Phone Discussion with Marshall Brinn
On March 2, 1999, I had a 45-minute phone discussion with Marshall Brinn,
BBN/GTE, ALPINE Technical Director, on CoABS-ALP technology interchange.
I had previously exchanged emails with him introducing the CoABS-ALP technology
interchange activity, and sending him the URL of Craig Thompson's list
common architectural issues. He asked about the specific goals
of the interchange activity (i.e., were we after TIES and actual technology
development, white papers, or what). I explained what I understood
the goals of the program were, and he seemed pleased that the goals involved
actual technology development.
Object Services and Consulting
March 2, 1999
Marshall described ALP's architecture as having been developed relatively
independently of mainstream agent work. He felt that addressing agent
technology in a standard way, and addressing "classic" agent problems,
were two elements that ALP was potentially missing. He welcomed the
idea of CoABS looking at the way ALP does things, and making suggestions
for extensions/changes, since in many cases ALP was not married to a particular
way of doing things.
Marshall also had some initial suggestions for specific issues in ALP
that he'd be interested in seeing CoABS help with:
I indicated that CoABS had work that was potentially relevant to all these
issues. I also noted that there were additional aspects of these
issues that could be considered as well. For example:
ALP currently has no dynamic name service, or advertisement and discovery
mechanism; he'd like to see some joint work in this area.
ALP plugins are currently static (not mobile); he'd like to see some
work on how to move plugins between nodes for load balancing, and to place
them near data sources, etc. to reduce communications.
ALP currently has no real mechanism for guaranteeing convergence or stability
of planning, or of determining completion, or when the plan is "good enough";
he felt that cutting-adge agent technology could help here.
ALP system monitoring is also an issue, e.g., agents crashing, communication
links going down, obtaining qualities of service (e.g., by altering communications
protocols); he would be interested in tools, user interfaces, protocols
(e.g., along the lines of SNMP applied to distributed agents) or infrastructure
developments that would help in this area.
I also mentioned that CoABS work on Agent Communication Languages might
be relevant to extending ALP's directive vocabulary.
There were "logical level" issues relating to both mobility and system
monitoring. For example, you might want to migrate a plugin to a
cluster because the corresponding organization had acquired new capabilities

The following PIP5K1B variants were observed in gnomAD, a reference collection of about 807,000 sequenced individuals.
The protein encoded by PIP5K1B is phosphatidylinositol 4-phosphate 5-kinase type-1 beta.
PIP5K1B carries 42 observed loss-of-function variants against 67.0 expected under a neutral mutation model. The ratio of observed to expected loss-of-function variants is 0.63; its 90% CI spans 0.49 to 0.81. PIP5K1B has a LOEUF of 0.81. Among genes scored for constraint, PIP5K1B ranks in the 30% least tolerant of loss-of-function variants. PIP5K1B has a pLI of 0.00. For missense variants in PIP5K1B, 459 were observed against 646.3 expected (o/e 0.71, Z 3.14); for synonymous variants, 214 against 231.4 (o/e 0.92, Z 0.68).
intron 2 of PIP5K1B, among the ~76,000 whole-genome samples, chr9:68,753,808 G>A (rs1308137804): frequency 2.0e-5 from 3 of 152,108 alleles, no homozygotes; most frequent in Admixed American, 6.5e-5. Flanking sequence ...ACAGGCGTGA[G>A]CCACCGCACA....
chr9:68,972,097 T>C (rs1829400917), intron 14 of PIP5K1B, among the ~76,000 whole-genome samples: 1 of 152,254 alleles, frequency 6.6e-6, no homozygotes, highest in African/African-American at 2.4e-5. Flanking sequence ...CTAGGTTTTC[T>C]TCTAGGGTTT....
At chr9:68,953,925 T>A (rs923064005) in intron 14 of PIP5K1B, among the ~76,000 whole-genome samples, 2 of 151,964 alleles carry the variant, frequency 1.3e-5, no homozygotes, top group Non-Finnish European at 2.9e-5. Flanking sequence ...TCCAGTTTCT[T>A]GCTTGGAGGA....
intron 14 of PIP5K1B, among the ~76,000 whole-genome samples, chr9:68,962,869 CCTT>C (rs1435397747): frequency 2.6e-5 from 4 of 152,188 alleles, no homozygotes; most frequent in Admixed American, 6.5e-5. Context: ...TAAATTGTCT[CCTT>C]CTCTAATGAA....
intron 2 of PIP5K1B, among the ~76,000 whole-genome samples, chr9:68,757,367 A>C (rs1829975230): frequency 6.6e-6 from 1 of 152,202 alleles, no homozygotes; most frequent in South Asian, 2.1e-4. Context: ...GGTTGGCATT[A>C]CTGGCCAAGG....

or responsiblities, and the cluster's behavior needed to be updated to
There were "physical level" issues relating to advertisement and discovery
mechanisms. For example, the CoABS NEO TIE involves the idea that
you can use discovery as a fault-tolerance mechanism, to deal with the
situation where an agent crashes by finding another with similar capabilities.
Dealing with convergence of planning involves some separation between the
idea of planning as creating a specific logistics plan (whose completion
can be bounded) and the idea of controlling the ongoing activities of an
organization whose "business" is logistics (like DLA), in which the overall
activities aren't really "completed" (only individual tasks within the
Marshall then asked what ALP could do for CoABS, and I gave him the
general list I'd included in the Design Document, namely:
CoABS should look at the cluster model--the ability to extend/specialize
agents with plugins
CoABS should look at ALP's penalty function cost model
access/experience with realistic plan representations, external systems,
possibly provide a testbed for experiments with CoABS technology using
more realistic scenarios and scales
provide insights on Grid requirements
Marshall expressed some concern about the amount of additional work that
might be involved in this activity, since no one there had much spare time.
I indicated that I would try to minimize that by working up ideas as much
as possible for them to review, rather than having them spend too much
effort on developing the ideas themselves. Marshall suggested that
we continue interacting via phone calls and email as long as this remained
productive, and arrange face-to-face meetings when they became strictly
necessary (easy to arrange, since our offices are relatively close).
Later that same day, I sent Marshall a list of technical questions on
ALP that I had compiled while reading their documentation, along with the
URL to the initial draft of our ALP-CoABS
Technology Integration Design Document (since Jim Hendler had sent
the URL to Brian Kettler).